Shifty, a young crack cocaine dealer in London, sees his life quickly spiral out of control when his best friend returns home. Stalked by a customer desperate to score at all costs, and ... See full summary »
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Frankie is sent from London to Spain to make a delivery to Charlie, who likes the kid and shows him the ropes including the use of guns and drugs. Frankie likes the sun, pools and the cute, bikini clad girls and stays in Spain.
Out on parole after 8 years inside, Bill Hayward returns home to find his now 11- and 15-year-old sons abandoned by their mother and fending for themselves. Unwilling to play Dad, an uncaring Bill is determined to move on. Although Dean the older boy has found a job and is doing his best to be a father to his younger brother Jimmy, the arrival of Bill brings them to the attention of social services. With the danger of being put into care looming, Dean forces his feckless dad to stay by threatening to grass him up for dealing. If there's one thing Bill doesn't want it's to go back to prison. He reluctantly agrees to stay for a week to help fool social services that the boys are being cared for. Having never really grown up himself, Bill quickly connects with Jimmy and, through this new bond, starts to realize what he's been missing. He has a family, a place in the world. He is a father. However, their happy family set-up is short lived when Jimmy gets into trouble with Bill's dangerous...Written by
[discovering his youngest son's been helping sell crack]
First year's the hardest.
Yeah that's what they say. "First year's the hardest." It weren't for me. Second year, that was the real killer. First year you can still remember the world - your home, your pals, Sunday roast, what it's like to take a dump without someone watching you. Second year, that's when the hope starts to leave ya. No one left to trust. No one you really like 'cause you're in prison. Everyone's a criminal. They all ...
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Wild Bill is directed by Dexter Fletcher who also co-writes the screenplay with Danny King. It stars Charlie Creed-Miles, Will Poulter, Liz White, Sammy Williams, Charlotte Spencer, Leo Gregory, Neil Maskell and Iwan Rheon. Music is by Christian Henson and cinematography by George Richmond.
Wild Bill Hayward (Creed-Miles) is just out of prison after serving eight years. Heading home he finds his two sons Dean (Poulter) and Jimmy (Williams) fending for themselves after their mother abandoned them. Bill hadn't planned on hanging around, but if he doesn't then the boys will be taken into care. More pressing is that the local drug runners have got young Jimmy working for them, Bill might just have to take his parental responsibilities to another level and justify his Wild reputation.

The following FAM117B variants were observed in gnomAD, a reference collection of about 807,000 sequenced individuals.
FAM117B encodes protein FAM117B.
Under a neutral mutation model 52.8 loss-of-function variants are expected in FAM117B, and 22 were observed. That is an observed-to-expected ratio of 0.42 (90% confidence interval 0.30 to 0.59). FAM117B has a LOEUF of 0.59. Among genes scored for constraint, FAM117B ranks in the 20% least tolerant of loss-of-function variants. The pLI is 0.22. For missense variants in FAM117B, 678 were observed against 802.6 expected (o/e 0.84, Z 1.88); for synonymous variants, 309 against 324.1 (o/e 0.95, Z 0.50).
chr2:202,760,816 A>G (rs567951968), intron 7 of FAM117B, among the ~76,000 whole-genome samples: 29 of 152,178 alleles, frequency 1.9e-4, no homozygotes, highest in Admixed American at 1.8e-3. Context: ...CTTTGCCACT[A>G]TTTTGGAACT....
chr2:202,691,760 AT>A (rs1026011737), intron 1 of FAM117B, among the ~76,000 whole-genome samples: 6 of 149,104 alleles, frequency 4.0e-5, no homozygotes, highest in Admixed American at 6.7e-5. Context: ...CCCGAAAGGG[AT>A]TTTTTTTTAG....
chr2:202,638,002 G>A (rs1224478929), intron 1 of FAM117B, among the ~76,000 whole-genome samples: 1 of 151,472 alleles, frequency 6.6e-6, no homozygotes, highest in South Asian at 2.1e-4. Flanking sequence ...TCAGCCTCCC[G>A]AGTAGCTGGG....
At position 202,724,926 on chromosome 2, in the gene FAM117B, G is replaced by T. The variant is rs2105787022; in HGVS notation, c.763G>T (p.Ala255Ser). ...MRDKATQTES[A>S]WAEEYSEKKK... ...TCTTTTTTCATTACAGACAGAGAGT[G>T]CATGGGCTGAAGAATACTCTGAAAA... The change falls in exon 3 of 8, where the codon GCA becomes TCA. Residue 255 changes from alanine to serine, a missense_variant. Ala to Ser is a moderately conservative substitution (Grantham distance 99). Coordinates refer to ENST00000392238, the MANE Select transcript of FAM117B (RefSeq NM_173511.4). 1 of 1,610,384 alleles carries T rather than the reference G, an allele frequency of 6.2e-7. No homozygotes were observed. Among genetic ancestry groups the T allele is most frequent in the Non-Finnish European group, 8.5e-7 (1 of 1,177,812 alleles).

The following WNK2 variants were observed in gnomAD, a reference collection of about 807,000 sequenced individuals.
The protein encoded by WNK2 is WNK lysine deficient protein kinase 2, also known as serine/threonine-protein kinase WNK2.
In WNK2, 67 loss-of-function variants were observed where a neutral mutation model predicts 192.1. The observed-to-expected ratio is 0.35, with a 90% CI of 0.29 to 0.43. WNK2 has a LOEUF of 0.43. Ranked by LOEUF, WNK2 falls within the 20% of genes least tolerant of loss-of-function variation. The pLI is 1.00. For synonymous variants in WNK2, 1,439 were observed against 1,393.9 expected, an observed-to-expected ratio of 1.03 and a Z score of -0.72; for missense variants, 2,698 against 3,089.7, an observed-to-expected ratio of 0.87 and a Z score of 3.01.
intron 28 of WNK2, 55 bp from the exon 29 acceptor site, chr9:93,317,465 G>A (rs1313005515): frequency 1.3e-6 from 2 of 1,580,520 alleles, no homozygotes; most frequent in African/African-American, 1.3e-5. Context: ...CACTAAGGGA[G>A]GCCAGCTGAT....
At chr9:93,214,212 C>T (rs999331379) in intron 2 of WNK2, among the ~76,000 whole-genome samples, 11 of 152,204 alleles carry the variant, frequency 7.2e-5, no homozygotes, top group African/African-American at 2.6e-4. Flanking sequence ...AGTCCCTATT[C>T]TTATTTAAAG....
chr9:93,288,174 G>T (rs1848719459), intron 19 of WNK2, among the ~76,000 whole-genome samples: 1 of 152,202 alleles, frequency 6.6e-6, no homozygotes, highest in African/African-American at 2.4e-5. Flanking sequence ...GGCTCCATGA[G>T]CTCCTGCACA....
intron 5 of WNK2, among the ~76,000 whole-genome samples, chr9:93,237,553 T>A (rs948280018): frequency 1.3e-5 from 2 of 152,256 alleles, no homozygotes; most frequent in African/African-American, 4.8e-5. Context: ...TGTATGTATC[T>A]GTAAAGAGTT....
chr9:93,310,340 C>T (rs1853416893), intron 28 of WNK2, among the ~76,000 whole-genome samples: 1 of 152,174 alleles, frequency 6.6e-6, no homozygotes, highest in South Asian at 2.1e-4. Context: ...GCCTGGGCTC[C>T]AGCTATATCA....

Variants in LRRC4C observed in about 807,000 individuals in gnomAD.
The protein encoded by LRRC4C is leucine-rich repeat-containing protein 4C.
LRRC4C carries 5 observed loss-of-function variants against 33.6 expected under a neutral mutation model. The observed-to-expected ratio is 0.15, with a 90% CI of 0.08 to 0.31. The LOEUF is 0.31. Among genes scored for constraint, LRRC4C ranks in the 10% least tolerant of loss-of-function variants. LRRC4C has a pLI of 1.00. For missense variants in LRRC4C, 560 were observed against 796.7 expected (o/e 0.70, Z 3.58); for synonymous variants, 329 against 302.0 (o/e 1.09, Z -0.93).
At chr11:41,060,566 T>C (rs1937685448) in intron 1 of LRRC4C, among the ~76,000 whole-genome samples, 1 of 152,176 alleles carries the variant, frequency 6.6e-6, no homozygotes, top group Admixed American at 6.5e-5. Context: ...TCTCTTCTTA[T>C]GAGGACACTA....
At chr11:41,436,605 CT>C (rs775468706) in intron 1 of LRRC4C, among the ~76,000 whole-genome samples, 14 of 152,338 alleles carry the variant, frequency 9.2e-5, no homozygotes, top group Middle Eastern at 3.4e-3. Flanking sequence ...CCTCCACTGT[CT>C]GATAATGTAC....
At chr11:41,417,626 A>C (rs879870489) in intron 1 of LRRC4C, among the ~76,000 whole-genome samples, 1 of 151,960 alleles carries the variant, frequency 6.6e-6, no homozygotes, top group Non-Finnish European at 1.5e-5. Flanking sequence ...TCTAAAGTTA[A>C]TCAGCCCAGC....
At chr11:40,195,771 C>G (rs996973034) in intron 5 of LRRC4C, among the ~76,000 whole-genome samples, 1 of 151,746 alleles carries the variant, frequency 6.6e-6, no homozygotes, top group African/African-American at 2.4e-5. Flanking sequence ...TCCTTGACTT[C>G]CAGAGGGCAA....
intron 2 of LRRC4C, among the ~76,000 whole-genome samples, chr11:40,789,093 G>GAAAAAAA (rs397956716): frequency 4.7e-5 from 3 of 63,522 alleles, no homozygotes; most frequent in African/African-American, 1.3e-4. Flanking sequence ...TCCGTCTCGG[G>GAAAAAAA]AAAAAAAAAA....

Splendid piece of British grit and wit, Wild Bill follows in the traditions of films directed by British actors, who for their debut directing assignment impressed with the ability to grab the attention and no loosen the grip. Fletcher has done a bang up job here, managing to turn what could have been a standard dysfunctional family melodrama into something more meaningful, engaging and suspenseful.
Story is set to the backdrop of working class London, where the building of the Olympic stadium serves as a beacon of hope in the distance, while our principal characters struggle through a world of grimy flats, empty pubs, dirty cafés and drug infested council estates.
The narrative operates on two fronts, Bill (Miles superb) is trying to keep on the straight and narrow, as he candidly observes, if his dog craps on the pavement he will get 18 months back in prison! But as he tries to build a relationship with his two sons, especially the older and more colder Dean, circumstances are drawing him back into the violent world he desperately wants to leave behind. It's this angle that gives the film its suspense, as viewers we are wondering if Bill can achieve his goals, will he get a break, will the family become one unit?
Elsewhere the film operates as a coming of age story, where Dean has had to grow up real fast to look after his younger brother, even taking on employment at the age of 15 to provide for Jimmy and himself. Then there is matters of the heart, as he is strongly attracted to local girl Steph (Spencer), this aspect is very well handled by Fletcher, who gets the excellent Poulter to deftly portray those early nerves when Cupid starts to draw back its bow, the tentative fumblings of young love easily identifiable to us all.
Pic is full of familiar British faces, most of them just stopping by in cameos to lend friendly support to Fletcher's project. They all offer a reassuring presence to proceedings, adding further weight to what is damn fine debut picture. Sometimes violent, often heart warming and tender, and very laugh out loud funny, Wild Bill is a winner. 9/10
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